Content strategy: an activity that contains my two favorite words. The content strategy is the way a company communicates with its audience by responding to specific business objectives.
Content created without a larger project to guide is just words in the wind. The fact is simple: without analysis and strategy it is impossible to design valuable content for your customers. Production must be based on listening. Rhetoric, you say. Reality, I’ll answer you.
In fact, listening is not a cliché or an intentional repetition that begins to lose its meaning. For those involved in digital communication, digital marketing and more broadly marketing, it must continue to be the only possible way.
My marketing professor at the University used to say: don’t try to sell what you have produced, but produce what you can sell. Such as? Investigating the market, listening to your current and potential customers, and their expressed or latent needs.
And this also applies to communication and any online activity. Producing self-referential content, which no one seeks and which does not respond to any information, educational or entertainment need, is equivalent to wasting time and money.
So yes. If you ask me if it is worth investing in online content, the answer is obviously yes. With a following big BUT . It’s worth if, and only if, it’s meant for people. This is familiar to us at TSW and repeated countless times. But I would like to try to tell you why it is not something we say so much for, but something we believe in, that guides us.
Listening is therefore the approach that opens and closes a strategy of content, the alpha and the omega. In fact, the first part of a strategy consists of two listening activities that are fundamental for us:
The desk analysis will focus on the relevant factors that emerged from the brief: in this way it will immediately be more focused on achieving the desired objectives.
The analysis of what exists gives us the opportunity to understand where we start from, considering the reasoning behind the contents and the probable motivations that led to that publication. In this case we map the channels used by the brand, the themes of the content it publishes, the formats and the visual and textual choices that compose them.
In short, as they say: know yourself … Or in this case, the customer you identify with.
But this is only the starting point. To this is added the analysis of direct competitors or of need, focusing on the same elements considered in the assessment. The ideal is for the customer to provide a list of competitors that he already monitors at the marketing level. Sometimes this analysis is extended to other best players that can become an inspiration, a case study for the management of a channel, the production of certain types of content or the use of certain formats. Often these case studies have an element in common with the company for which the analysis is being conducted, for example the business structure or the sector (but not the market area). But sometimes it can happen that these brands are simply a masterful example of content marketing that cannot be ignored. The shoulders of the giants are there on purpose to help us see further, in short.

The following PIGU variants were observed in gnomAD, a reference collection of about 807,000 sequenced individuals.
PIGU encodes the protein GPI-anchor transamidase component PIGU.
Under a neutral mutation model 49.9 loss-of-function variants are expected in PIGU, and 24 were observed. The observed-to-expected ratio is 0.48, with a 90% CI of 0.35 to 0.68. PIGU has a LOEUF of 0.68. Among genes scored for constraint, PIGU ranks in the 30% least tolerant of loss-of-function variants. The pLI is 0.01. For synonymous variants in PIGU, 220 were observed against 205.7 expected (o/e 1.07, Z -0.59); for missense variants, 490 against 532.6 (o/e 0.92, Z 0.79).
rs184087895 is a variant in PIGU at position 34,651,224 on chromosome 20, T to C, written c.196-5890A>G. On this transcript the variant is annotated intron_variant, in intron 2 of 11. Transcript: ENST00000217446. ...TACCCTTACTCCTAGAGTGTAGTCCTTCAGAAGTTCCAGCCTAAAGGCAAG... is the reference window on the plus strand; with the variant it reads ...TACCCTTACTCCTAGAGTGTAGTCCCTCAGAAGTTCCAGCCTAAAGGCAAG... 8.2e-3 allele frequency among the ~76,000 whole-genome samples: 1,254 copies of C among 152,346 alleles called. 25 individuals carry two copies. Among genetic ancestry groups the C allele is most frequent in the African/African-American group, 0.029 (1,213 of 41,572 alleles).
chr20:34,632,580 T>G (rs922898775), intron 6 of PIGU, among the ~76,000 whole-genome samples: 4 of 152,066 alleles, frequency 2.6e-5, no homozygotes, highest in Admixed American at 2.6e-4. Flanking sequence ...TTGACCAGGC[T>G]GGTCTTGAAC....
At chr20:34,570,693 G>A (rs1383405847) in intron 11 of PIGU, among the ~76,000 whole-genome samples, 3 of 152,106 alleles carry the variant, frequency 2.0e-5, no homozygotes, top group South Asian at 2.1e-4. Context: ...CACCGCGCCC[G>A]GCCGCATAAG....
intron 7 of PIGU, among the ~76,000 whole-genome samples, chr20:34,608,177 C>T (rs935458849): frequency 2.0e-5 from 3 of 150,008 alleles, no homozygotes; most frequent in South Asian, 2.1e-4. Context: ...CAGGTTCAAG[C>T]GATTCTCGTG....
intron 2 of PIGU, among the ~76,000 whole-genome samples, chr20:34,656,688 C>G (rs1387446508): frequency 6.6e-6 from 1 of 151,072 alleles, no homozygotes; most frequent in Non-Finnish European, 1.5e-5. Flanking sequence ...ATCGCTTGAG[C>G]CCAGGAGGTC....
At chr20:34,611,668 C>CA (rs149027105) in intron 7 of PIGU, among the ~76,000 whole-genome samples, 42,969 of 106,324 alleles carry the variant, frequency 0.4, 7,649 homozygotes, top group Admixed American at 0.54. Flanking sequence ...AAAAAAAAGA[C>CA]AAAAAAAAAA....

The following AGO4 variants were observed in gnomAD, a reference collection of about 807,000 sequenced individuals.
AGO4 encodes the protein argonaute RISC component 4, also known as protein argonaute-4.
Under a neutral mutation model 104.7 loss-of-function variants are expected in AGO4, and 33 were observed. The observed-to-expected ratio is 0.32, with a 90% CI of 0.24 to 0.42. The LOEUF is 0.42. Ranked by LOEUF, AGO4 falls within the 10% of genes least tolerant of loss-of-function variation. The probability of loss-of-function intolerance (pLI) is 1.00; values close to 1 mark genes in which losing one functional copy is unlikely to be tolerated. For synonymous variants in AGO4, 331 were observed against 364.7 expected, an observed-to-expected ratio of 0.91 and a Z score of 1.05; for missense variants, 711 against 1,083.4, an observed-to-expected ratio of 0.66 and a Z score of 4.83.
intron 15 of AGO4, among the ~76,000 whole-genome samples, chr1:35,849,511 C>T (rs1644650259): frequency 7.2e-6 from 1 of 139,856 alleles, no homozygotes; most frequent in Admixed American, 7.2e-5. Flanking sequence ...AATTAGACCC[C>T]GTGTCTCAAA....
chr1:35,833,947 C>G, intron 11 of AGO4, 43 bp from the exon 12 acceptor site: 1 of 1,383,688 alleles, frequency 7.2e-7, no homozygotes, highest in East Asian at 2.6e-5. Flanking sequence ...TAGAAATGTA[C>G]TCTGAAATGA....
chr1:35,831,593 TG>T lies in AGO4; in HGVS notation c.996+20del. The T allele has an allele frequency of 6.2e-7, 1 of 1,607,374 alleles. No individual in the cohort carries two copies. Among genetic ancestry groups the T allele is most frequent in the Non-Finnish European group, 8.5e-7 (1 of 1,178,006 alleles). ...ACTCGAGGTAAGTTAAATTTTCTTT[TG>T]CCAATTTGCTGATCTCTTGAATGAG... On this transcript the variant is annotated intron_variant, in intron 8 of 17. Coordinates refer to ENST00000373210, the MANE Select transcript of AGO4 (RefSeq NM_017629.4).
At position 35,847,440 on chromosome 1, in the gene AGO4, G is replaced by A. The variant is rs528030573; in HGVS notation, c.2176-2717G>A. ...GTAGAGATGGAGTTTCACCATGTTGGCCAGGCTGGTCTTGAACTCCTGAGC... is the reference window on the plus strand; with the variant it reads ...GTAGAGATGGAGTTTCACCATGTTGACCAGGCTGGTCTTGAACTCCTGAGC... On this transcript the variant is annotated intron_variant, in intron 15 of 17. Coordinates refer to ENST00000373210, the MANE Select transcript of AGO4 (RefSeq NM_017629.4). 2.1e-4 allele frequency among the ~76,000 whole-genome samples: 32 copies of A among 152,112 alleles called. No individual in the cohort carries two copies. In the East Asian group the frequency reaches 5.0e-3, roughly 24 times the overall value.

What comes out of all this pile of analysis? A document that presents our considerations, of course, but above all a list of key learning on sector communication and a collection of best practices from the case study benchmark.
But there is a third fundamental element of this listening phase: the moment of meeting with the people who make up the client company. This workshop activity is crucial for us, because it allows us to hear in the words of those who live the daily business reality, what are the business and communication objectives, what future prospects for the company and what challenges and opportunities we may encounter on this shared journey. The important thing is to always remember that the objectives to be achieved with the strategy we are going to define must arise from the company objectives.
Does the company aim at the acquisition of new customers? Or do you want to increase sales among existing customers? Do you want to increase the elasticity of demand? Or improve the reputation of the brand? Change positioning? Similar questions determine different communication objectives which can be awareness, engagement, reputation, site traffic, lead generation. Needless to say, being guided by one of these objectives rather than another determines the entire approach to the next steps: channels, types of content, media investments and tone of voice change.
Understanding the goals to be achieved helps us define the next step: defining who we want to talk to. Our audience is partly implicit in the goal, but it is the company we work for that gives the correct interpretation, also based on the data it already has. For those who do not have precise information, it is possible to integrate a listening activity consisting of in-depth interviews and online questionnaires. But this is a topic that I leave to my colleagues, UX and research experts.
Whether it’s people who follow the brand on social media, who read the company blog or who are doing a Google search, the crucial element of content marketing is to understand who these users are to provide them with what they are looking for: something that interests, entertains them, informs them and involves them.
Hence the definition of buyer personas. Knowing what their interests are, their professions, some socio-demographic characteristics and above all their customer journey – and therefore all the touchpoints with the brand – helps us to talk to them, not only in the best way, but also in the right channels.